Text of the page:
As mentioned above, anger is a normal reaction to feeling wronged, and being bullied is certainly a wrong done to us. I was one of those people who got annoyed by every little thing but I wasn't really angry at all the people I was taking it out on. I was angry at the people who bullied me and I was transferring that anger onto whoever was there to receive it because I wanted someone to pay for wronging me. I didn't understand the difference between a normal situation and a threatening situation. Everything was threatening to me. When you've been wronged you can become trapped in a reactive state like this and it can be a sign of post-traumatic stress disorder. PTSD can occur when we experience a traumatic event that compromises our well-being and creates an intense fear response.

Being bullied as a child can interrupt our emotional development. We can suffer this intense fear response to the point of it becoming the norm. As a result we might feel like we don't have control. This then gets displayed in the form of anger. Some people blame themselves for the bullying, and as a result they may internalize their anger and shut down emotionally. Some people may also blame their parents for what happened. Regardless, anger that stems from trauma can be a major problem that can lead to many other major problems. It becomes important to deal with the anger so that you can learn how to respond with the right emotions.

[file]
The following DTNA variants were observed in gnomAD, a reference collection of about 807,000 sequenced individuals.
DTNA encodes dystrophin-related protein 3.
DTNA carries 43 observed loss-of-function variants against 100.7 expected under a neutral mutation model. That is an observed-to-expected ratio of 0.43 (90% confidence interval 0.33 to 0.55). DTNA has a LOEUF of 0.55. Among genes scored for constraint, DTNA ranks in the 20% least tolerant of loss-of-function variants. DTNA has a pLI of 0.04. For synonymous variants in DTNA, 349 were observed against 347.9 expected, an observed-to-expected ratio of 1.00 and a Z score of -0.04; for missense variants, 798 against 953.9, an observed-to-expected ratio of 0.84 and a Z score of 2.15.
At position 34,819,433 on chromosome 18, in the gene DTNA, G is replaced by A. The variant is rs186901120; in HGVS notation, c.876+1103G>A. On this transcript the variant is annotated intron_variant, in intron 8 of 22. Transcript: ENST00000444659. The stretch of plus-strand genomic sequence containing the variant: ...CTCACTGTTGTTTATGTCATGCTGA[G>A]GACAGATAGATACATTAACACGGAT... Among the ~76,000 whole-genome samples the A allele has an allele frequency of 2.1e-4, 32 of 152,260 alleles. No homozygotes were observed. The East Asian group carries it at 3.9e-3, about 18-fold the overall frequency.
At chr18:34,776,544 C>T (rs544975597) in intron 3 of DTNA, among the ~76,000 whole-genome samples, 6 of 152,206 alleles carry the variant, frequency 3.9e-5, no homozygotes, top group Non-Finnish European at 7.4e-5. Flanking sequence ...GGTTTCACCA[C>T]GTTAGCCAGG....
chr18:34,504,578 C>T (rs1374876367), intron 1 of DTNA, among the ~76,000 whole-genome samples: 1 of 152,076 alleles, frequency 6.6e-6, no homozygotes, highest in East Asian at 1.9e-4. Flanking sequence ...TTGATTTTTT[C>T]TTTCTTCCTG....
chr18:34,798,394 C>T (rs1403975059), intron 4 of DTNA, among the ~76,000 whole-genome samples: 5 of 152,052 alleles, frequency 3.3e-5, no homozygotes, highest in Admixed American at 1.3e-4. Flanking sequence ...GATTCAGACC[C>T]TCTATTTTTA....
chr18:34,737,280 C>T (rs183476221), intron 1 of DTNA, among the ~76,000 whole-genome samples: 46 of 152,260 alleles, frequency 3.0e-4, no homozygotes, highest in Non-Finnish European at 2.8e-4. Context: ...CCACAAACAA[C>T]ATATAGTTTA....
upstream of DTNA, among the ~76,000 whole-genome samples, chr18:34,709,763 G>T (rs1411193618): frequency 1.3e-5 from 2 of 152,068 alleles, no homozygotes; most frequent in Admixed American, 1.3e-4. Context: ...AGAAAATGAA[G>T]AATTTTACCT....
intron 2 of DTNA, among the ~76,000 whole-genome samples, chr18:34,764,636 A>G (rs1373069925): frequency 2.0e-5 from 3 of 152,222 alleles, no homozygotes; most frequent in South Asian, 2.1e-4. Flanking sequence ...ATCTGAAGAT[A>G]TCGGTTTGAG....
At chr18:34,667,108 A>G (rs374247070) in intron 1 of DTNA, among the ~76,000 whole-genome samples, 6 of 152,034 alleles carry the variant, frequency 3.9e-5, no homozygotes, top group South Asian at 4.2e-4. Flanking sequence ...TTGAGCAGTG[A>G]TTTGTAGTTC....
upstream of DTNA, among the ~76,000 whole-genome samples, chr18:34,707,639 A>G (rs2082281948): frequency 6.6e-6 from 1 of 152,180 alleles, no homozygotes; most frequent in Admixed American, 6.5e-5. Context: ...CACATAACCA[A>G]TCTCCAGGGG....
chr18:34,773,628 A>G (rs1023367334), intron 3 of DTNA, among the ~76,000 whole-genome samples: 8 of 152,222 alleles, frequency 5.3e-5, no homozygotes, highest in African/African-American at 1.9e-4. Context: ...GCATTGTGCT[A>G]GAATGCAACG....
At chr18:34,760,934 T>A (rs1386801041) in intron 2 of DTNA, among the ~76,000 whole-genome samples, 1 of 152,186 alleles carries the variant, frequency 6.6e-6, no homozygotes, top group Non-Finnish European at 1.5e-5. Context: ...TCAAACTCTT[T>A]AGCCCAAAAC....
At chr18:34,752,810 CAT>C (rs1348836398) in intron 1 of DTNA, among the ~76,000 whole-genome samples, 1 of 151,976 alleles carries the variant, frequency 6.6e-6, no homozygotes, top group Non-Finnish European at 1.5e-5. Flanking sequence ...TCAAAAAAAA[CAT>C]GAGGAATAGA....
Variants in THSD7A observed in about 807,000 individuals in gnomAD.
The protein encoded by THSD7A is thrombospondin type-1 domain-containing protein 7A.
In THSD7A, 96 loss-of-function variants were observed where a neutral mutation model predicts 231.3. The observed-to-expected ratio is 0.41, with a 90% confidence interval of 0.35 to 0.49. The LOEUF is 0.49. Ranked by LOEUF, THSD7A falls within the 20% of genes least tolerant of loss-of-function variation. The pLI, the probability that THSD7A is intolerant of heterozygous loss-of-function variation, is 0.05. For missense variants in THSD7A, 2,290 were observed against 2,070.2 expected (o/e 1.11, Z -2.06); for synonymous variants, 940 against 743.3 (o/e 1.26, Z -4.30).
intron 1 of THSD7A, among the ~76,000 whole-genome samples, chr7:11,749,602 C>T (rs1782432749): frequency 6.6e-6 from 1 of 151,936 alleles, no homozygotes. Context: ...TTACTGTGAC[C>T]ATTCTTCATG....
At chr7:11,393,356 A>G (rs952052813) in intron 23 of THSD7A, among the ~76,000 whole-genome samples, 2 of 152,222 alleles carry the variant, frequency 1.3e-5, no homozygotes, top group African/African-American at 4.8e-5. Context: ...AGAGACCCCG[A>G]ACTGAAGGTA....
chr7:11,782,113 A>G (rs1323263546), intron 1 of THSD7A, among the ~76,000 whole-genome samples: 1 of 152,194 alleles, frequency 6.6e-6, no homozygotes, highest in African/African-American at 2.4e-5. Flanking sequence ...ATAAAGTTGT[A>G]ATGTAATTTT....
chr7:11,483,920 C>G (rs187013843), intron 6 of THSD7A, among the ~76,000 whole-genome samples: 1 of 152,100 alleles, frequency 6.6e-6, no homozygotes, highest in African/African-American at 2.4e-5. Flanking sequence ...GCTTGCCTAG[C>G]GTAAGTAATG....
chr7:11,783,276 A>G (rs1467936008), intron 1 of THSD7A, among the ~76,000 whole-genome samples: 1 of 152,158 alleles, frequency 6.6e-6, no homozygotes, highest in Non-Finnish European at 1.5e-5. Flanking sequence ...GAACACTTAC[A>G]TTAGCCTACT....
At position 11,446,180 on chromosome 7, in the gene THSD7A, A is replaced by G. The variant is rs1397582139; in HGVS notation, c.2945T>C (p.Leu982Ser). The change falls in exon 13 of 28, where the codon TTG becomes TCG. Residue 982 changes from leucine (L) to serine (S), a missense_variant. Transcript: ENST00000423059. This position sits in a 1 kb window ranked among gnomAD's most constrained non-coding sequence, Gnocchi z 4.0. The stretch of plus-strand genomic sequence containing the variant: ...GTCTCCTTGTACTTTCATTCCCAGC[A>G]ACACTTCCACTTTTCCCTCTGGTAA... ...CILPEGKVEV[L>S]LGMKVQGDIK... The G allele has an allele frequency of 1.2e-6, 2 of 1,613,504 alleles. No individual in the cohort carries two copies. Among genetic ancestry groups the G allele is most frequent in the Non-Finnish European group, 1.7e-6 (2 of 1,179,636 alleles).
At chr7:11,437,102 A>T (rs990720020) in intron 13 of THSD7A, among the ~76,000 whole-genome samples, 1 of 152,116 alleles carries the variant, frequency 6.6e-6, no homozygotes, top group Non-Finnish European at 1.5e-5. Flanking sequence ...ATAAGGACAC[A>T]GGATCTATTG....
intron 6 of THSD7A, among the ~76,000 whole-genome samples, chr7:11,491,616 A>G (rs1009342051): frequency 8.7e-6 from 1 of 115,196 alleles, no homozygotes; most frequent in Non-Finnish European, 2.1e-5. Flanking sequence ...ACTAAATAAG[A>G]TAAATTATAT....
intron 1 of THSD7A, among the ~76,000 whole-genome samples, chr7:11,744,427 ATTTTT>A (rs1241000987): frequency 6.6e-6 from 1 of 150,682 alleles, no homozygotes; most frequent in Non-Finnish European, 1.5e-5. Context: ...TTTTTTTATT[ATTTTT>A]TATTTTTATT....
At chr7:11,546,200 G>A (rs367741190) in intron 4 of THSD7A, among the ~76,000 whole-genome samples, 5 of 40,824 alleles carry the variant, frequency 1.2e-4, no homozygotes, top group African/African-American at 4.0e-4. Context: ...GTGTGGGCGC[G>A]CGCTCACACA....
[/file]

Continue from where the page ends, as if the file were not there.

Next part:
Dealing with Anger

Harboring anger all of the time can make us sick. If you remember the fight-or-flight response that I mentioned above, you can probably imagine how experiencing those physiological reactions all of the time can be bad for you. Research has linked chronic anger to the development of depression and anxiety, sleep problems, high blood pressure, and heart disease. Needless to say, it is important that we take care of ourselves now so that we don't suffer later. Let's look at some strategies for coping with and better managing anger.

Accept responsibility.  Here's the thing - we are responsible for our own feelings. Yes, they may be caused by someone else who did something to us that we didn't have control over, but ultimately we are responsible for the way we react and the way we process our feelings. It is up to us to recognize how we feel and why we feel that way so that we can properly manage those feelings. When we feel angry we are placing the blame on someone else rather than dealing with it ourselves.